I know, I know: you’re laughing at the notion of anyone in The Block acting “honestly, competently and with integrity.” Me too. I had to stop writing and catch my wind, I laughed so hard. And in subsection 2, it states:
(2) The following are the persons listed for the purposes of subsection (1):
1. The owner of the municipal drinking water system.
2. If the municipal drinking water system is owned by a corporation other than a municipality, every officer and director of the corporation.
3. If the system is owned by a municipality, every person who, on behalf of the municipality, oversees the accredited operating authority of the system or exercises decision-making authority over the system.
This makes it clear: COUNCIL remains liable even when they sell the service to EPCOR. And what is that liability? That’s outlined in the remainder of Sec. 19:
(3) Every person under a duty described in subsection (1) who fails to carry out that duty is guilty of an offence.
(4) A person may be convicted of an offence under this section in respect of a municipal drinking water system whether or not the owner of the system is prosecuted or convicted. 2002, c. 32, s. 19 (4).
The Block are hoping this clause gets them off the hook:
Reliance on experts
(5) A person shall not be considered to have failed to carry out a duty described in subsection (1) in any circumstance in which the person relies in good faith on a report of an engineer, lawyer, accountant or other person whose professional qualifications lend credibility to the report.
The last section, however, does not negate the responsibilities outlined earlier in Sec. 19 which still require our Blockheads to do the required “…diligence and skill in respect of a municipal drinking water system that a reasonably prudent person would be expected to exercise in a similar situation.”
Yeah, skill and diligence by this lot. You’re guffawing again. I can hear it. In other words: the only thing The Block sloughs off is their per-diem payments for sitting on the water utility board. Their liability and responsibility to the system still cling to their sagging shoulders. All because they never pay attention.
Section 20 also adds some heft to the weight because it also lays out another level of diligence The Block must continue to uphold. It’s getting pretty heavy by now, isn’t it? Yep: they’re scared. No one ever told them they’d have to be diligent when they got elected!
You don’t get to see what the penalties are until Section XI (sections 137-156) and then they are breathtaking. Here are the two clauses in Sec. 142 that outline the penalties for individuals (corporations have their own listing):
(2) Every individual convicted of an offence described in subsection (3) is liable, in substitution for any penalty provided in section 141,
(a) for each day or part of a day on which the offence occurs or continues to occur, to a fine of not more than $50,000 on a first conviction and not more than $100,000 on each subsequent conviction;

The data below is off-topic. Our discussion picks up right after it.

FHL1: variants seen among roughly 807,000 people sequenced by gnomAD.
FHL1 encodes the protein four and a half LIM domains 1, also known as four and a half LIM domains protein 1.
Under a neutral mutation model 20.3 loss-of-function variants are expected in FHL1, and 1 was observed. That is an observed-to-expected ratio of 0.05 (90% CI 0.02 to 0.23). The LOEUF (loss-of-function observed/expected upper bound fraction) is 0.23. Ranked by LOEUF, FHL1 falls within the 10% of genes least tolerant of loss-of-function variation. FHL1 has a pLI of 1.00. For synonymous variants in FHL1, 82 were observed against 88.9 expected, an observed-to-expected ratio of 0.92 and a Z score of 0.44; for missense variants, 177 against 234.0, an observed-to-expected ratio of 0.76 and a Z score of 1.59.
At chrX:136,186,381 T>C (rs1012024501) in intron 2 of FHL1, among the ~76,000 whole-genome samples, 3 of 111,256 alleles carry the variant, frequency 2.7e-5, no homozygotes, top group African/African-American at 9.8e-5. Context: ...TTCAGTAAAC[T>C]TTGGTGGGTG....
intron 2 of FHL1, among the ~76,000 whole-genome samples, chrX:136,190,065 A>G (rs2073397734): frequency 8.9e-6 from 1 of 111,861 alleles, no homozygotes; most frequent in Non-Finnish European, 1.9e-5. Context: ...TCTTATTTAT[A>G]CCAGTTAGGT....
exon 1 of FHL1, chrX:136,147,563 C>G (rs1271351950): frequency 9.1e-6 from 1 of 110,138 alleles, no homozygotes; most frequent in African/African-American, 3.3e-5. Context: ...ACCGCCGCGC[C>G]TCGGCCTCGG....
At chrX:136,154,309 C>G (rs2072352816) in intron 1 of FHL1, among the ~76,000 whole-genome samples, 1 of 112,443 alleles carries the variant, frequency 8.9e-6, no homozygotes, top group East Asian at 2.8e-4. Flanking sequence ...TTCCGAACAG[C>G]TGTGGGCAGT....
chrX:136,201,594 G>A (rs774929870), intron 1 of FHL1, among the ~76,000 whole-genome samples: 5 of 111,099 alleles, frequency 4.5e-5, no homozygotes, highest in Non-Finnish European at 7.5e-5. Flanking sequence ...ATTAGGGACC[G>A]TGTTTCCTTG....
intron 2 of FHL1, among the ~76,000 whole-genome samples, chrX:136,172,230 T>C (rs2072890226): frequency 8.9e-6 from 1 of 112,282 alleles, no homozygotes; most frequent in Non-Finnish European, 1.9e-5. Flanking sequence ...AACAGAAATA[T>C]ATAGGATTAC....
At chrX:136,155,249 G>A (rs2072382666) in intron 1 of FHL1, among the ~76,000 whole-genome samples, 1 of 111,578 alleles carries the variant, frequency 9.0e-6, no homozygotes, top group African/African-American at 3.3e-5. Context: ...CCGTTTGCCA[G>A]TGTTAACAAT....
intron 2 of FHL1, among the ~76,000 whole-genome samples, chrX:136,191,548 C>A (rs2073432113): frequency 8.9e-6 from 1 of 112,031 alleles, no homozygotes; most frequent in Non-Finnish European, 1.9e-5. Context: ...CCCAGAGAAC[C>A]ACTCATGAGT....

(b) to imprisonment for a term of not more than one year; or
(c) to both a fine under clause (a) and imprisonment under clause (b).
And if it proves a drinking water a la Walkerton, it’s even more punitive:
(2) Every individual convicted of an offence described in subsection (3) is liable, in substitution for any penalty provided in section 141 or 142,
(a) for each day or part of a day on which the offence occurs or continues to occur, to a fine of not more than $4,000,000 on a first conviction and not more than $7,000,000 on each subsequent conviction;
(b) to imprisonment for a term of not more than five years less a day; or
(c) to both a fine under clause (a) and imprisonment under clause (b).
So you can understand why our Blockheads got cold feet after they ousted the water utility board (without public discussion or reasons given, mind you): The Block didn’t realize that in doing so they took on the liability for themselves with no one in between them and jail. And in their best impersonations of the Cowardly Lion, they are trying to flee the scene before anything goes awry.
Ah, if only they had stopped to read the Act first, they might have left our professional and experienced water utility board alone and not jumped into their seats. But that requires paying attention and they never pay attention.
Part IV of the Act, sections 21-29 lay out the accreditation requirements for an operating authority – i.e. what EPCOR will be once The Block privatizes our utility. Do you think a single one of The Block has read and understood that they are responsible to ensure that these conditions are met BEFORE they sell our water utility to a for-profit corporation?
Part V, sections 30-52 lay out the details about what is required to operate a municipal drinking water system, about the finances, reports, alterations, testing and licences. Part VII is about testing, part VIII about inspections, part IX about compliance and inspections. That’s sections 62 to 125. A lot of heavy reading. Slogging through page after page of it. Tough going for a group that never pays attention.
Do you think a single one of The Block has read it? Has understood that they are responsible to ensure that these conditions are met? Of course you don’t. No one does. The Block clearly don’t read their agendas or budget documents, so why would anyone think they would read a complicated piece of legislation?
So I ask: do you think this group of lunkheads is competent and capable of handling this, even after they privatize our water utility to EPCOR? Neither do I.
Collingwood deserves better.
- 1920 words
- 11431 characters
- Reading time: 626 s
- Speaking time: 960s